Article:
Kent never "failed" in the radio business or in any other business. In 1936, he was a solvent multimillionaire. He had his son, A. Atwater Kent Jr., sell the factory buildings and other company assets, which were all his personal, debt-free, property. He retired to California, where he became famous for his flamboyant parties. He died a wealthy and reportedly happy man.

14th Street

I think the street outside the window is 14th, with the cars parked in the alley across from the Hamilton that connects 14th and Vermont (in between the current Continental and and Tower buildings).

Model 33 in a Pooley Cabinet

The set is an Atwater Kent Model 33 in a Pooley 1700-R-2 cabinet. Pooley had a deal with AK -- customers could order from their line of radio cabinets, and then pick from any number of available AK sets to go in it. The cabinets cost anywhere from $190 to $240, and the radios $145 to 390. That was a pretty hefty sum in 1927 -- even more so when you consider that the delivered radio-cabinet set came without tubes or a battery, which the buyer had to purchase separately.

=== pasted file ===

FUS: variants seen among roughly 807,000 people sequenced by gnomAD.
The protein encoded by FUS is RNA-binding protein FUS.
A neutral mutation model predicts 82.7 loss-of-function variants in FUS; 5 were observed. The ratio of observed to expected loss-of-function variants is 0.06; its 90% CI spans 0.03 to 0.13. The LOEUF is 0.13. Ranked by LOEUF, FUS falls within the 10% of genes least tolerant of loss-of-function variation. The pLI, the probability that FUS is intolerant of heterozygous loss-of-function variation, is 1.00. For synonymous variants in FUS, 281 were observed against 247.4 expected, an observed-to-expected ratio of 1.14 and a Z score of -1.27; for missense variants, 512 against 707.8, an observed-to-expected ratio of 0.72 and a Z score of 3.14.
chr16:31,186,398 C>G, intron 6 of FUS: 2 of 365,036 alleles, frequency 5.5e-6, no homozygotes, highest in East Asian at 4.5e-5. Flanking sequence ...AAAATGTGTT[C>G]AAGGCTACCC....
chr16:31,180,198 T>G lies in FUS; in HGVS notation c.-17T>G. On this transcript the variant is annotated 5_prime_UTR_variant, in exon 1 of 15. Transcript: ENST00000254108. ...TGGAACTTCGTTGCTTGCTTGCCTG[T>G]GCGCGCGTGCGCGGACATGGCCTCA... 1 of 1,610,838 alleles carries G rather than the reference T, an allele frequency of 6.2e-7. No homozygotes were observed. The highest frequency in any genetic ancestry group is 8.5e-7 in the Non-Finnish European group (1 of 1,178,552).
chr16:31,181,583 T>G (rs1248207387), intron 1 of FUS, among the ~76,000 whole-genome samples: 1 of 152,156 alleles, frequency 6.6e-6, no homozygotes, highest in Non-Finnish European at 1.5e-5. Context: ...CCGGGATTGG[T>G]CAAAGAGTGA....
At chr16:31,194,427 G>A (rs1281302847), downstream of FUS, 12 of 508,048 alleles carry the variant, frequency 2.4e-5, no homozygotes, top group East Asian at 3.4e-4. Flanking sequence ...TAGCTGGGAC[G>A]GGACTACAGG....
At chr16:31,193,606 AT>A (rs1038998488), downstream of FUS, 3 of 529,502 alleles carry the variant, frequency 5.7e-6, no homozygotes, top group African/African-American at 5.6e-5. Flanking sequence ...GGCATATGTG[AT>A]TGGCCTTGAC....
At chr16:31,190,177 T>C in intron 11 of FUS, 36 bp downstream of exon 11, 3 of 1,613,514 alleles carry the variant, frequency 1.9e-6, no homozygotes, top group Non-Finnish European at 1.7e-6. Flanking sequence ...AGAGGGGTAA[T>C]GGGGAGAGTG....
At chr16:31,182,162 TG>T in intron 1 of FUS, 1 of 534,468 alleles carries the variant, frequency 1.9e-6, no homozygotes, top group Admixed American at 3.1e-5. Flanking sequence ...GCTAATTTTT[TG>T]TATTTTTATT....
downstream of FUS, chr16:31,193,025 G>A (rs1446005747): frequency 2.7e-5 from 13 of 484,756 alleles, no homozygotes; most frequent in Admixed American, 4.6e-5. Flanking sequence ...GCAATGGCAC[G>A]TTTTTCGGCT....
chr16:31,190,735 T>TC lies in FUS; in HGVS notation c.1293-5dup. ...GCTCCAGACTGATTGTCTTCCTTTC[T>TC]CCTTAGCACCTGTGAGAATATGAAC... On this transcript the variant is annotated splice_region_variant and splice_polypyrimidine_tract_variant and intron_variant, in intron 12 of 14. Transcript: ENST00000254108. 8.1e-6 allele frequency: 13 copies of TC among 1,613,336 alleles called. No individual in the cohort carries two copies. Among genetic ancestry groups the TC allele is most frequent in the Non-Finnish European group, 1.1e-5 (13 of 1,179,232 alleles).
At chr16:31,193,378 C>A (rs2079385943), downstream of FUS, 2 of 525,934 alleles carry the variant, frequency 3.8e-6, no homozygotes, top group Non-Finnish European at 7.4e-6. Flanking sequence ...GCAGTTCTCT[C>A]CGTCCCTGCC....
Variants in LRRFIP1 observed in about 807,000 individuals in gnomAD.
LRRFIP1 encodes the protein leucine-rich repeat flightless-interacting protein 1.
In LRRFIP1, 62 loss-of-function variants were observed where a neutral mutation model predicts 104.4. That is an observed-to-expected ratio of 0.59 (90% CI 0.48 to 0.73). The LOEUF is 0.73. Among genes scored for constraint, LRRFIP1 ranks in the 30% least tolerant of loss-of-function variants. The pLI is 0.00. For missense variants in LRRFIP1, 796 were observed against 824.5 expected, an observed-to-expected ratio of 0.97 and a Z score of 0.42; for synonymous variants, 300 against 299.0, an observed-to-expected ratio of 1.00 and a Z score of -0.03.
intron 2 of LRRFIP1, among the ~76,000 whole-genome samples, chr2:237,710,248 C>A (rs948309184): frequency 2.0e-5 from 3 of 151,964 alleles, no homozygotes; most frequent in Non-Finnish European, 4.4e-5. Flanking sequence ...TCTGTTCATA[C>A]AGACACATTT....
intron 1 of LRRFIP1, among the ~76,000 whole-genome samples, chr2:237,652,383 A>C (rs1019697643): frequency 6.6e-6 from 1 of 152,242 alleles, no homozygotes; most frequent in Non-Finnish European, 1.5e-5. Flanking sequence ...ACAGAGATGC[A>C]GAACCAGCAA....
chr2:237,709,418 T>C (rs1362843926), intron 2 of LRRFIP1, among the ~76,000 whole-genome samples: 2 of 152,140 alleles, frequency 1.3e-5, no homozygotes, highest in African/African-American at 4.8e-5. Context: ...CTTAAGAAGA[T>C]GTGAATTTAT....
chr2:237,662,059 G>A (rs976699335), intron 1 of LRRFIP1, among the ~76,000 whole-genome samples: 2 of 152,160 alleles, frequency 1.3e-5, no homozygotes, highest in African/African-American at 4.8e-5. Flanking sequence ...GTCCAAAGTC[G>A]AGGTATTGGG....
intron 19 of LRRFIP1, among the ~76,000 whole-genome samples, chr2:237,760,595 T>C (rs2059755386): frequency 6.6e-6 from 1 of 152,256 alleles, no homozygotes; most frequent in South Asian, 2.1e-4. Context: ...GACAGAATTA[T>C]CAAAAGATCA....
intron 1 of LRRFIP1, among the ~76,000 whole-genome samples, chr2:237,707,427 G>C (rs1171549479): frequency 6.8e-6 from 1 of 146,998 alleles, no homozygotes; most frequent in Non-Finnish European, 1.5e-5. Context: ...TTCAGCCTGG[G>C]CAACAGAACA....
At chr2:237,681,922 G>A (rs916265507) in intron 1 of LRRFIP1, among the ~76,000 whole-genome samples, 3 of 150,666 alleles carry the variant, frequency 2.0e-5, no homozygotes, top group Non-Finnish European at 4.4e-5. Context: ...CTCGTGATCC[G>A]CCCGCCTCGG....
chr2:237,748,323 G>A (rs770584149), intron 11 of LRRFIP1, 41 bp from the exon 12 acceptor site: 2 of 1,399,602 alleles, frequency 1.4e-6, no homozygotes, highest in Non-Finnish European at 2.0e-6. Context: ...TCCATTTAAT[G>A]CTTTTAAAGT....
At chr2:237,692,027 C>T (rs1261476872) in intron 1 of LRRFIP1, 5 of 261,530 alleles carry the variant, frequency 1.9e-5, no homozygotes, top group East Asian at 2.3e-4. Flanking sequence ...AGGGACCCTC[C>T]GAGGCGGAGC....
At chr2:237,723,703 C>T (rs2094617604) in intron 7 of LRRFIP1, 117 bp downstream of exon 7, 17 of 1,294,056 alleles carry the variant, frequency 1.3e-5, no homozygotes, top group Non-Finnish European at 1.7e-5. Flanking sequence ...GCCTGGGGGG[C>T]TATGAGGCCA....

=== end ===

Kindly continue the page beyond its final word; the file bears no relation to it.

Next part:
Mr Kent appears to be showing off the latest model -- the 33 was manufactured in 1927, and the Pooley 1700 started production in 1926. The radio isn't a Model 30 (manufactured in 1926) -- the knobs on the 30 were closer together.

Looking at the radio

You see, if you look at the radio, your ears just happen to be pointing in the best possible direction for you to hear best as well. One of nature's little tricks.

Radio days